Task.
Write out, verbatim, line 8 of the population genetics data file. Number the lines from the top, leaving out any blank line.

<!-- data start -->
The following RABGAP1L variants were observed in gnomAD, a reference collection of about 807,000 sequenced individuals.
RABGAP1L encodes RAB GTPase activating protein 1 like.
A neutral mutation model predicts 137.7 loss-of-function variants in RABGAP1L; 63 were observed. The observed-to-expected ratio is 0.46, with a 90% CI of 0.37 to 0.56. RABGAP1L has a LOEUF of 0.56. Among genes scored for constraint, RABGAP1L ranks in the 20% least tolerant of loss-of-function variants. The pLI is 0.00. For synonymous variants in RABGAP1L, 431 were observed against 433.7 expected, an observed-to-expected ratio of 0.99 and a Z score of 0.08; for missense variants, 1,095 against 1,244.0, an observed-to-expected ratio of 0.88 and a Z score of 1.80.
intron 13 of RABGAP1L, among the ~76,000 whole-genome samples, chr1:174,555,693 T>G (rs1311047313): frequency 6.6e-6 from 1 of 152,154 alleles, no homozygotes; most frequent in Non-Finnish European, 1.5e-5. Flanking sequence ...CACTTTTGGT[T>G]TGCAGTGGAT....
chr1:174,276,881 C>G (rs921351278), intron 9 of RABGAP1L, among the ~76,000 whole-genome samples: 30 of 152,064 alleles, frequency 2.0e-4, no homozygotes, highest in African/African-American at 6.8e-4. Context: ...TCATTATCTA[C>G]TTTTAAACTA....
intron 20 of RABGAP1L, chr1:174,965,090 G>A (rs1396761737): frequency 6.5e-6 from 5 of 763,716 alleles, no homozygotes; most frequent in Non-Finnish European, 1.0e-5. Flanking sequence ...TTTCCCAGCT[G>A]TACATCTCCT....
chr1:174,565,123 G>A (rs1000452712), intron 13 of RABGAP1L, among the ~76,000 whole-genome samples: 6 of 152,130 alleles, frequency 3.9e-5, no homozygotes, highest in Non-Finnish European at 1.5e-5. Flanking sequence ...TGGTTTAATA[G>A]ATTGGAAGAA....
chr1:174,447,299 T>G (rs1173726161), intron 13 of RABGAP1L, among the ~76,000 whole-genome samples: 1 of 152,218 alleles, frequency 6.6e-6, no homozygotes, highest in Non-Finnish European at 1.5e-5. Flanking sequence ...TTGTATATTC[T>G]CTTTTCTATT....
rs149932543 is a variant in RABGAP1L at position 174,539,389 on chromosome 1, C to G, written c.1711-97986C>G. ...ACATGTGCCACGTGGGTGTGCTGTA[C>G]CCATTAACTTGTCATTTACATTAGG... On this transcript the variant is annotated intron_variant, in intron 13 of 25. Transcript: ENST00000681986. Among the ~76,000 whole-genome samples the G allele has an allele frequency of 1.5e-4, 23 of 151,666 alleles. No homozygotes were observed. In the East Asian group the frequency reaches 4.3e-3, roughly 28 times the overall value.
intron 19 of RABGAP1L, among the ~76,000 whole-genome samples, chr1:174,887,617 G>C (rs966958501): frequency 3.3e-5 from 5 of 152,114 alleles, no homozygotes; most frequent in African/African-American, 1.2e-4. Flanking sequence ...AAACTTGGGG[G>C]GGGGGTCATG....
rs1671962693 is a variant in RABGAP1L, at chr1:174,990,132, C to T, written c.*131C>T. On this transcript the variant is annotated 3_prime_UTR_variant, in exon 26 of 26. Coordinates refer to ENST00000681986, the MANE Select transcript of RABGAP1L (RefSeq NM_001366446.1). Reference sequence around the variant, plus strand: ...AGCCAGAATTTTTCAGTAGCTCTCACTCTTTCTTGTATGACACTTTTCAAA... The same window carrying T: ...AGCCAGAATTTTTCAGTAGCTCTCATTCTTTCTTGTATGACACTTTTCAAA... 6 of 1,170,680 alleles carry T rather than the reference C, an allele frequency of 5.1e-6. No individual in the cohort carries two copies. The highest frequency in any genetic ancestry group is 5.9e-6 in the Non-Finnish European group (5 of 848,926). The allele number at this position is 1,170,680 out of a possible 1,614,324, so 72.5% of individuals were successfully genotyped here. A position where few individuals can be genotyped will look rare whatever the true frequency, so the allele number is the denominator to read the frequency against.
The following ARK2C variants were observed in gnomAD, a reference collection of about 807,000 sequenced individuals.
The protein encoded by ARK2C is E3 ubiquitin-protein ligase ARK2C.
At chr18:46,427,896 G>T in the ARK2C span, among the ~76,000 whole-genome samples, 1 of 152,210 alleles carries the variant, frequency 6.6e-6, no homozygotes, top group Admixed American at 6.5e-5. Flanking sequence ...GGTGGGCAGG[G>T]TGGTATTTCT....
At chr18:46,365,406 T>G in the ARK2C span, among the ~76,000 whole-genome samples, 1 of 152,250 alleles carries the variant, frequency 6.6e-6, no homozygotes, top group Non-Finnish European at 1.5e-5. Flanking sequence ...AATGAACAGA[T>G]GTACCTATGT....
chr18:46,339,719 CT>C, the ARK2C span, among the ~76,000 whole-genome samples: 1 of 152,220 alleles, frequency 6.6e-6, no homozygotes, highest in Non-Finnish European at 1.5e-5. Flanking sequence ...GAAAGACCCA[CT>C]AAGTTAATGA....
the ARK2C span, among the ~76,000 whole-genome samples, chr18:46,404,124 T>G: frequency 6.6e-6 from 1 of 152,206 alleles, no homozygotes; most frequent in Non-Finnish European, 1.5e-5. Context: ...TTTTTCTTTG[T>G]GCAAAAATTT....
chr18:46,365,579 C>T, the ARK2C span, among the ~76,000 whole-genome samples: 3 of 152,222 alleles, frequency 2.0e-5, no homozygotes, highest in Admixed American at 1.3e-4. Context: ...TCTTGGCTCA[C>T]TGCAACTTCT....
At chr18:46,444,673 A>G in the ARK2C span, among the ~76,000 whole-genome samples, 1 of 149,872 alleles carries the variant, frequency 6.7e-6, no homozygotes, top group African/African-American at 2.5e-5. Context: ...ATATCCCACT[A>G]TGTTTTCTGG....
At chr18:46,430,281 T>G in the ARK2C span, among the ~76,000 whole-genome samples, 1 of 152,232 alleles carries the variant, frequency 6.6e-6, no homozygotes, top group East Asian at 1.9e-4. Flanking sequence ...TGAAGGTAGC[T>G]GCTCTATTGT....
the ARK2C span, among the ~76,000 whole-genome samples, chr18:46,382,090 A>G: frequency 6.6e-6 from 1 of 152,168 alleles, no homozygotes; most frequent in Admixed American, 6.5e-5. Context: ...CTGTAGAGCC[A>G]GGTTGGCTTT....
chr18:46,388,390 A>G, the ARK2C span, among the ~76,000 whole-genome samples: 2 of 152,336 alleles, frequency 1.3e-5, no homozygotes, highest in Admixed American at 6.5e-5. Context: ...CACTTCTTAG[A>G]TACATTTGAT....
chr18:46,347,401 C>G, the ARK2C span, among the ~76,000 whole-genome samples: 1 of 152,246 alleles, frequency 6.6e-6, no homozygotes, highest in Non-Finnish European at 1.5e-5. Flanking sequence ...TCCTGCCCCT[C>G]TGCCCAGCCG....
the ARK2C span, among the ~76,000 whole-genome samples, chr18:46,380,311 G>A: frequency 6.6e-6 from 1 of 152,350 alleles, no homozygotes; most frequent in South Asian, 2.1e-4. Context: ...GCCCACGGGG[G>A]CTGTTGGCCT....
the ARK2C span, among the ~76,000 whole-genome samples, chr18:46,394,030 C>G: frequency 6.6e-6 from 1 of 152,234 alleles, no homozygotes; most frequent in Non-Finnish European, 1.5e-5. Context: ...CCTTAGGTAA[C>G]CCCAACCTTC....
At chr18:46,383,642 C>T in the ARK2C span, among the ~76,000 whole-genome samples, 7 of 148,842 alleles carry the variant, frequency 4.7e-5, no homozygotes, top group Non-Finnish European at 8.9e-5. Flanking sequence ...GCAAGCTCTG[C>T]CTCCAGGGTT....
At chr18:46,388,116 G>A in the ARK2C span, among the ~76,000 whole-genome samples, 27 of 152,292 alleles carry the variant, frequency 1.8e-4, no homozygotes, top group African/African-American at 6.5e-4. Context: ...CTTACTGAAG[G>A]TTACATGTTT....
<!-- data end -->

chr1:174,447,299 T>G (rs1173726161), intron 13 of RABGAP1L, among the ~76,000 whole-genome samples: 1 of 152,218 alleles, frequency 6.6e-6, no homozygotes, highest in Non-Finnish European at 1.5e-5. Flanking sequence ...TTGTATATTC[T>G]CTTTTCTATT....